Figure 1
figure1

Z-Score values for the aggregated monthly fire frequency and area burned for unauthorized fires, prescribed (Rx) fires, and lightning-caused fires in the state of Georgia for the period 1987 to 2010.

Figure 2
figure2

Percentages of all wildfires, unauthorized fires, and unauthorized fires located within high density clusters categorized by land stewardship.

Analysis of Regional Loci

I identified three regional loci of unauthorized fire activity: RL1, in the ridge and valley physiographic province; RL2, along the “fall line” between the coastal plain and Piedmont physiographic province; and RL3, on the coastal plain. Most of the HD clusters were located within the RL (Figure 3).

Figure 3
figure3

Map of Georgia showing topography and density analysis of unauthorized fires, 1987–2010. Regional loci (RL) represent contiguous counties with a high density of fires. HD clusters represent areas of high unauthorized fire densities identified through kernel density analysis.

RL1, ridge and valley. RL1 sits in the ridge and valley physiographic province located in northwestern Georgia. The landscape is characterized by southwest-northeast trending ridges with farms and developed space occupying the valley bottoms and forest cover dominating the ridge tops. Land cover is dominated by the southeastern ridge and valley hardwood forest type composed of oak (Quercus spp.), hickory (Carya spp.), and pine (Pinus spp.). Frequency and intensity of fire disturbance is an important factor controlling the relative proportion of deciduous to evergreen trees (Christensen 2000). Other common land cover types include pine forest and plantation, row crop, and pasture, as well as succession vegetation types. Pine plantations are less common than in the rest of Georgia, but nonetheless comprise a considerable portion of the landscape.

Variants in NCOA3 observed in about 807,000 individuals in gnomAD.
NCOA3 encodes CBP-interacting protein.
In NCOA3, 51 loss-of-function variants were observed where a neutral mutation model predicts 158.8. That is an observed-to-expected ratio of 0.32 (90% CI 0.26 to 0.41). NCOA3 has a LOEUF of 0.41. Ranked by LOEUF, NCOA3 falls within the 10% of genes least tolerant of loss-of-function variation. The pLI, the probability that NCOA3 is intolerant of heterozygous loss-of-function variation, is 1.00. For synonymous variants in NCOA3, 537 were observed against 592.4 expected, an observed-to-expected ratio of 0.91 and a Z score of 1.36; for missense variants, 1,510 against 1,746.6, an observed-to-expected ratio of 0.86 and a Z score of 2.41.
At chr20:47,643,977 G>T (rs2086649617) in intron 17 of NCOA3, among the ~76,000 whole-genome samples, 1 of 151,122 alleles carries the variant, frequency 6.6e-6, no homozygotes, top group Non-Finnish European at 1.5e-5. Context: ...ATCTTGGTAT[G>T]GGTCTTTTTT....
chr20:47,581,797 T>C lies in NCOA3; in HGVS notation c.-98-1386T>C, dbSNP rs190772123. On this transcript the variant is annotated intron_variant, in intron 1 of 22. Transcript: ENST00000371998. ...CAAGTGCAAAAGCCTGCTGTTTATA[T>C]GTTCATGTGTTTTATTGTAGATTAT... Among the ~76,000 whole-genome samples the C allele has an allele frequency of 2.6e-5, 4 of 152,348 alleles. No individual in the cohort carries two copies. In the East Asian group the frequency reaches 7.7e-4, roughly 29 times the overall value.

Between 1987 and 2010, RL1 contained 23 % (n = 9330) of Georgia’s incendiary fires and 34 % of its burned area. For the spatially explicit data (July 2002 through 2010), the largest percentage of incendiary fires in northwest Georgia corresponded with ignition points classified as hardwood forest (28 %), followed by evergreen forest (22 %), pasture (16 %), transportation corridors (12 %), clear cut (11 %), mixed forest (6 %), and nine other land cover types making up the remaining 5 %. Aggregated ignitions from all land cover types in RL1 displayed modest similarity to the statewide seasonal pattern, but with a sharper peak in March and steeper decline through April. Differences do exist between the three most frequently burned land covers and the overall seasonal distribution. For example, a secondary peak for pasture land cover occurs in August whereas evergreen land cover shows a secondary peak spanning October and November.

RL2, fall line. RL2 consists of Richmond County, located just below the “fall line,” which divides the Georgia Piedmont from the coastal plain. Developed land comprises a large portion of the county with the city of Augusta at its center. Farmland interspersed with pine plantations characterizes much of the southern portion of the county. Natural land cover is dominated by longleaf pine forest (Pinus palustris Mill), much of it with an open understory well adapted to low intensity surface fire (Moser and Wade 2005).